Monday, June 07, 2010

Minor Prophets

While I was away on study-break last week, I read through the Minor Prophets (the 12 smaller prophetic books at the end of the Old Testament).  This was a great exercise for me and reminded me of God's greatness, holiness, and compassion.  As I read, I summarized the message of each book.  Here were some of my thoughts...


Hosea – 14 chapters – Hosea is asked by God to marry a prostitute (Gomer) so that he will know what God’s experience with Israel is like.  God addresses Israel’s repeated adultery (idolatry with other gods) and their presumption of God’s continuous blessing.  The book ends on a positive note with God promising to renew and restore a repentant Israel.
Joel – 3 chapters – Joel announces the locust plagues against the people of Judah (a terrible judgment from God), then in 2:12 begins to call God’s people to repentance and healing.  God promises to restore His people, pour out His Spirit on them, and to defeat their enemies.  He does all of this so that His people and the nations will know that He is the true and reigning God.
Amos – 9 chapters – Amos speaks of God’s judgment on kings/nations that oppress other peoples with violence and cruelty (see 2:6-6-16 on Israel).  The Lord has brought warnings from prophets and plagues on His people, but they failed to return to Him.  Amos if the reluctant shepherd prophet who confronts the leaders of Israel with the visions that God has given.  Amos’ vision of God is intense and awesome in His judgment and wrath against sin.  Only the last 5 verses speak of God’s future restoration of Israel.
Obadiah – 1 chapter – God promises to bring judgment on the people of Edom because they stood by and watched as the nation of Israel was invaded and conquered by foreign fighters.  They turned on Israel when the going got tough, and now God has promised to destroy Edom and restore Israel.
Jonah – 4 chapters – God calls Jonah to announce judgment on Nineveh.  Jonah refuses and runs away from God’s calling.  God stops Jonah and gets his attention through a storm and a fish.  Jonah repents and delivers the message to Nineveh.  The people of Nineveh repented and God relented.  Jonah became angry at God’s mercy toward Nineveh and God confronted Jonah about his anger.
Micah – 7 chapters – Micah prophesies the Lord’s judgment against those who abuse their wealth and power (especially the leaders of Israel) to take advantage of the weak and poor.  He condemns the false prophets who are saying everything is okay when it is clearly not okay, and he looks forward to the coming reign of God on the earth (the coming Messiah – Jesus).  In the day of the Coming King, peace will finally reign and all nations will worship the true God.  More than sacrifice, God wants his people to do right, love mercy, and walk humbly with Him.  God is faithful to His promises.
Nahum – 3 chapters – God announces coming judgment against the Assyrians in Nineveh, proclaiming His great and awesome power to wipe out a people with one word.  This book is full of powerful imagery of what Nineveh will experience as God brings judgment – it is terrifying language.  The Assyrians were the most powerful and wealthy nation of that day, and yet God brings them to their knees.
Habakkuk – 3 chapters – Habakkuk questions God’s plan to use the Babylonians to bring judgment on Judah.  God pledges to destroy all those who worship idols, who put their trust in their wealth.  This book is a call to faith – Habakkuk ends with a prayer declaring his trust and joy in God his Savior.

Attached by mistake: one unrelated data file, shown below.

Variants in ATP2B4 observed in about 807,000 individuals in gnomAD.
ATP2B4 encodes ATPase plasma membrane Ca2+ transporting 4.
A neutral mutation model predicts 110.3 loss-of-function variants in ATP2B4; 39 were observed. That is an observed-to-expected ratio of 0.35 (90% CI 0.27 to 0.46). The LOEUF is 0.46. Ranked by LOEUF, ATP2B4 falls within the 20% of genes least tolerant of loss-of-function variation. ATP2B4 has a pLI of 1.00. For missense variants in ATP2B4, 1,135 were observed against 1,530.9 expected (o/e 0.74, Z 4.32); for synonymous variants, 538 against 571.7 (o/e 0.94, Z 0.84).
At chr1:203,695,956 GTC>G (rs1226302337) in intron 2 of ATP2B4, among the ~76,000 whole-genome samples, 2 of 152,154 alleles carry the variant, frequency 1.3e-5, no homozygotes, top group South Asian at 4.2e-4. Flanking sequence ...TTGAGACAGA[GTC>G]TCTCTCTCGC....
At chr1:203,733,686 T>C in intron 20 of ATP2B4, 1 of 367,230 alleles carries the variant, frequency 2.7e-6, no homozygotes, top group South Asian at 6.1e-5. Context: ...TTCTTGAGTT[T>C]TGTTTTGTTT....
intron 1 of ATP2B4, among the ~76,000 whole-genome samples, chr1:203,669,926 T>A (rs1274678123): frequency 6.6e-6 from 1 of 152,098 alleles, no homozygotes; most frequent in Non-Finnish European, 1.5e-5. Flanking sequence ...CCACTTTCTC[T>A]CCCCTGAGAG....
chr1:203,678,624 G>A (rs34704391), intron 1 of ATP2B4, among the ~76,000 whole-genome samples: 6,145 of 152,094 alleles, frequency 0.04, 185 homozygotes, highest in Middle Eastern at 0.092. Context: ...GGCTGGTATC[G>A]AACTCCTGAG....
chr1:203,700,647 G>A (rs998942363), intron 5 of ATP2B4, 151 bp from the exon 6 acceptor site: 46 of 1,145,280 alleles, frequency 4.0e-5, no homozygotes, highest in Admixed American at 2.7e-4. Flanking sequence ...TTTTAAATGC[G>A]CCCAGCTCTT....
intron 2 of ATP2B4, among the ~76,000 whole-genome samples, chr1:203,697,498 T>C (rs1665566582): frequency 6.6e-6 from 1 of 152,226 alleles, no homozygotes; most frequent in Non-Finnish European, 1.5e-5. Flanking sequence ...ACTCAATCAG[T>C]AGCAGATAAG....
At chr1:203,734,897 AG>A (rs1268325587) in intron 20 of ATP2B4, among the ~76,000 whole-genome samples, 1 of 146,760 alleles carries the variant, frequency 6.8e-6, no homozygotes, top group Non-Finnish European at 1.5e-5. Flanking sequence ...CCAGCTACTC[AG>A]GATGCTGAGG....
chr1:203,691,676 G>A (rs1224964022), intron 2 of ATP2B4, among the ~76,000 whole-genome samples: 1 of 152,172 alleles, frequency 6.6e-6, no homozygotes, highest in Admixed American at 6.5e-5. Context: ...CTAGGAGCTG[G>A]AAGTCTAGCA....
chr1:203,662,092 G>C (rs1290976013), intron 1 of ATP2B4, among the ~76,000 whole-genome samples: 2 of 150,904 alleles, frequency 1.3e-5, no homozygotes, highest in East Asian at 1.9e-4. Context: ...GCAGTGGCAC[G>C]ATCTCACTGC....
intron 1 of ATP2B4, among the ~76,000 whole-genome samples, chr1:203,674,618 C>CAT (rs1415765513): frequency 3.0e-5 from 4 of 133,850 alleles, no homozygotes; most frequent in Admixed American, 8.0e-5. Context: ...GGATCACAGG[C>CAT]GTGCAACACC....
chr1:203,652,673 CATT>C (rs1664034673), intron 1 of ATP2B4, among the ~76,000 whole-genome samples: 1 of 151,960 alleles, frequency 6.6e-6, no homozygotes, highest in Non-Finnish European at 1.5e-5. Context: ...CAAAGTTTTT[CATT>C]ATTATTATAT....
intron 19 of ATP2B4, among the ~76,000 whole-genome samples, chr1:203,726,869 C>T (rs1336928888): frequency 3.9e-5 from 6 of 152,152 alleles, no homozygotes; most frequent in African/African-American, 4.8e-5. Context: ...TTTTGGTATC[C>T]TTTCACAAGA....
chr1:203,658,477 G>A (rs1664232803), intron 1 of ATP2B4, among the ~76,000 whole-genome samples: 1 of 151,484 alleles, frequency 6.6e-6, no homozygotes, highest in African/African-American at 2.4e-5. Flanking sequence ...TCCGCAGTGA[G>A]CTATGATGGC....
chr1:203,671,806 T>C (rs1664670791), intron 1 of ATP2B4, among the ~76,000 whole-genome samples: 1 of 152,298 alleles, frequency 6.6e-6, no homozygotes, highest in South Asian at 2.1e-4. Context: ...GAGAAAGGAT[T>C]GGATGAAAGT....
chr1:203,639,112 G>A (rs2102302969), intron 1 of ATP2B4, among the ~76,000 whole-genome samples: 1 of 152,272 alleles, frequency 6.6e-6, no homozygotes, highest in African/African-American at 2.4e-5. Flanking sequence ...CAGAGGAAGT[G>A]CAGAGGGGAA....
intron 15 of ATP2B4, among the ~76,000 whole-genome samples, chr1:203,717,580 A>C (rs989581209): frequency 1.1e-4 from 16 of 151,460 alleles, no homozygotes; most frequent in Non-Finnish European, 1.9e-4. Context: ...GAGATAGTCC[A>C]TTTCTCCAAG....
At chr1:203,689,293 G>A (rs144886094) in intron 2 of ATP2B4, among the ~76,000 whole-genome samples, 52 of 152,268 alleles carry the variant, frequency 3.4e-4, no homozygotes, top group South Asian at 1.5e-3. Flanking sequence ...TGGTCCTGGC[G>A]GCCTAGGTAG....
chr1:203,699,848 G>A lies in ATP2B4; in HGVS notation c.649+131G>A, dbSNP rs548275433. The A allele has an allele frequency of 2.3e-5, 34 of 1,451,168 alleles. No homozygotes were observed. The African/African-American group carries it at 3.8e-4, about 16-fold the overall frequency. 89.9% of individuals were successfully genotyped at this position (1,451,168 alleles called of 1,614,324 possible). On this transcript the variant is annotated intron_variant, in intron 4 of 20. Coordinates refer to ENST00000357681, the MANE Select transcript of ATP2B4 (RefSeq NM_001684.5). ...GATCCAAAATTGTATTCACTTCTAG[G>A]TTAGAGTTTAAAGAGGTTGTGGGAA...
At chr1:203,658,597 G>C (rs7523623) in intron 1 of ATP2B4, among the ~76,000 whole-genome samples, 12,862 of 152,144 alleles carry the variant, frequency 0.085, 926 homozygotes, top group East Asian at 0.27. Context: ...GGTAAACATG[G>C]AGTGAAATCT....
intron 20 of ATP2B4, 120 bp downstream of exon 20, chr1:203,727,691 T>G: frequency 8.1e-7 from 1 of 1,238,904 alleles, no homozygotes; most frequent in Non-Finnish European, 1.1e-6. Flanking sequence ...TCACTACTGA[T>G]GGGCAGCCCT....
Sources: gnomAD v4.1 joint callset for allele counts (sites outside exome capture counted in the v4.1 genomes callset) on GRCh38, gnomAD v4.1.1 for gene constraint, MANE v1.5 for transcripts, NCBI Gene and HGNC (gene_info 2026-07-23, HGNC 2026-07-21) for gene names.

Zephaniah – 3 chapters – Zepheniah prophesies against Judah for their indifference toward God’s ways and the nations for their pride in scoffing at God’s people and God Himself.  The prophet recognizes that God’s continued threats of judgment are not changing the people and looks forward to that day when their hearts will be changed because the Lord, the King of Israel, will live among them in person.
Haggai – 2 chapters – Haggai confronted the governor and high priest with the message that the Lord’s house was in ruins while the people were building their own houses.  The people and the leaders repented and God spurred their hearts to rebuild the Temple.  In response to their obedience and faith, God promised to bless them richly.
Zechariah – 14 chapters – Zechariah is full of apocalyptic imagery – flying horses, lampstands, baskets, chariots, scenes of heaven and earth – all pointing to the restoration of God’s people, God’s judgment against all of the nations (images pointing to the four corners of the earth), and the coming of the royal Branch (who will reign in Jerusalem as God’s representative).  The main message is that God has not forgotten His people in exile and that He will restore them through their coming King (9:9-17).  When the King comes, He will bring dancing and rejoicing for His people.  This book is more hopeful than the others and more focused on the coming Messiah, his betrayal and death for the cleansing of the people.
Malachi – 4 chapters – The Lord is angry with His people because they show less respect to His name than the other nations who have no covenant.  Malachi’s role is to call the people of Israel to respect and honor the name of the Lord, to not give Him empty, left-over sacrifices, but their best.  The Lord is angry at His people for breaking their vows, stealing their tithes, and ignoring His warnings.  The book ends with a group of God-fearers renewing their vow to God, and God promising to send the Son.

1 comment:

Anonymous said...

Perseverance is connected to Eschatology. We have to believe that our faithfulness now is connected to benefit in the future. Filling our minds with the truth of God's gracious promises about his coming kingdom gives us joy in present suffering. Knowing the stark reality of coming judgment gives us sobriety and wisdom to persevere in the midst of worldly distractions.